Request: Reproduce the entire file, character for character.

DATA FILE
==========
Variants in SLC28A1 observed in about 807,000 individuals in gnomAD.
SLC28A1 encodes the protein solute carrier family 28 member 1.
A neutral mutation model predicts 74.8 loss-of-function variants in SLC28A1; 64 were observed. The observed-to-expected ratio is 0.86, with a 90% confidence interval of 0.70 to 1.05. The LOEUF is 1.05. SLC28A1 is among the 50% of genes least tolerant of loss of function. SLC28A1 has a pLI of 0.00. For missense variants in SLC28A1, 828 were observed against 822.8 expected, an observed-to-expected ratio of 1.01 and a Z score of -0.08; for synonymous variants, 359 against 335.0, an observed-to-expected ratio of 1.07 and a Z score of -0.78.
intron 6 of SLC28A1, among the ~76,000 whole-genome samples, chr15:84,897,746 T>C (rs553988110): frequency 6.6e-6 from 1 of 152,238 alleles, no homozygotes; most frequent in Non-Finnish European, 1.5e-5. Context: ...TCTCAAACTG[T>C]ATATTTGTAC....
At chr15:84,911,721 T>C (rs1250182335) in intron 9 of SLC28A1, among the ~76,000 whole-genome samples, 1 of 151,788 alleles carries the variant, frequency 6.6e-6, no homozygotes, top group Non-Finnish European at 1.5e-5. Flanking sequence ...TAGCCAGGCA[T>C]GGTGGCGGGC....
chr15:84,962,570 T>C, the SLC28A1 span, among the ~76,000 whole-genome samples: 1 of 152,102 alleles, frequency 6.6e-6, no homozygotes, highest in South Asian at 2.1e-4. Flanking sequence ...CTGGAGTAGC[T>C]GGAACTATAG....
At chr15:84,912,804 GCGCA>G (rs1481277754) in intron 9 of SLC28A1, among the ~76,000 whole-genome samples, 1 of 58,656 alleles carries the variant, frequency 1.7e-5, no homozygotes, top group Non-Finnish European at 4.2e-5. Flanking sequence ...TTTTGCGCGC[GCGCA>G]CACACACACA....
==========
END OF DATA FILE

Variants in SLC28A1 observed in about 807,000 individuals in gnomAD.
SLC28A1 encodes the protein solute carrier family 28 member 1.
A neutral mutation model predicts 74.8 loss-of-function variants in SLC28A1; 64 were observed. The observed-to-expected ratio is 0.86, with a 90% confidence interval of 0.70 to 1.05. The LOEUF is 1.05. SLC28A1 is among the 50% of genes least tolerant of loss of function. SLC28A1 has a pLI of 0.00. For missense variants in SLC28A1, 828 were observed against 822.8 expected, an observed-to-expected ratio of 1.01 and a Z score of -0.08; for synonymous variants, 359 against 335.0, an observed-to-expected ratio of 1.07 and a Z score of -0.78.
intron 6 of SLC28A1, among the ~76,000 whole-genome samples, chr15:84,897,746 T>C (rs553988110): frequency 6.6e-6 from 1 of 152,238 alleles, no homozygotes; most frequent in Non-Finnish European, 1.5e-5. Context: ...TCTCAAACTG[T>C]ATATTTGTAC....
At chr15:84,911,721 T>C (rs1250182335) in intron 9 of SLC28A1, among the ~76,000 whole-genome samples, 1 of 151,788 alleles carries the variant, frequency 6.6e-6, no homozygotes, top group Non-Finnish European at 1.5e-5. Flanking sequence ...TAGCCAGGCA[T>C]GGTGGCGGGC....
chr15:84,962,570 T>C, the SLC28A1 span, among the ~76,000 whole-genome samples: 1 of 152,102 alleles, frequency 6.6e-6, no homozygotes, highest in South Asian at 2.1e-4. Flanking sequence ...CTGGAGTAGC[T>C]GGAACTATAG....
At chr15:84,912,804 GCGCA>G (rs1481277754) in intron 9 of SLC28A1, among the ~76,000 whole-genome samples, 1 of 58,656 alleles carries the variant, frequency 1.7e-5, no homozygotes, top group Non-Finnish European at 4.2e-5. Flanking sequence ...TTTTGCGCGC[GCGCA>G]CACACACACA....